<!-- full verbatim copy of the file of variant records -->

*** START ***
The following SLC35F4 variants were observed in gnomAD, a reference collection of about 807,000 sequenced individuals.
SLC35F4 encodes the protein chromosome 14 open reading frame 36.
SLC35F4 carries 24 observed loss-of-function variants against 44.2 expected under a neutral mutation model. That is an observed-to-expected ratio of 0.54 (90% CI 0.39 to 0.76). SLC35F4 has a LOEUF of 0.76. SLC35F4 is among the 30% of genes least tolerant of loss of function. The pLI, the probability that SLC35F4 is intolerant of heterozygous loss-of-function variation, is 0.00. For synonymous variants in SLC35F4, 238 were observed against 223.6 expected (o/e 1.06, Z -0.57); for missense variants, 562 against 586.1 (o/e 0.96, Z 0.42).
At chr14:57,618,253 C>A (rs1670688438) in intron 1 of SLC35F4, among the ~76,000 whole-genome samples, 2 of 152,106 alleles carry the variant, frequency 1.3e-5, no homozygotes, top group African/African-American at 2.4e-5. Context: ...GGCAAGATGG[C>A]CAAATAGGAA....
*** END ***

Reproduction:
The following SLC35F4 variants were observed in gnomAD, a reference collection of about 807,000 sequenced individuals.
SLC35F4 encodes the protein chromosome 14 open reading frame 36.
SLC35F4 carries 24 observed loss-of-function variants against 44.2 expected under a neutral mutation model. That is an observed-to-expected ratio of 0.54 (90% CI 0.39 to 0.76). SLC35F4 has a LOEUF of 0.76. SLC35F4 is among the 30% of genes least tolerant of loss of function. The pLI, the probability that SLC35F4 is intolerant of heterozygous loss-of-function variation, is 0.00. For synonymous variants in SLC35F4, 238 were observed against 223.6 expected (o/e 1.06, Z -0.57); for missense variants, 562 against 586.1 (o/e 0.96, Z 0.42).
At chr14:57,618,253 C>A (rs1670688438) in intron 1 of SLC35F4, among the ~76,000 whole-genome samples, 2 of 152,106 alleles carry the variant, frequency 1.3e-5, no homozygotes, top group African/African-American at 2.4e-5. Context: ...GGCAAGATGG[C>A]CAAATAGGAA....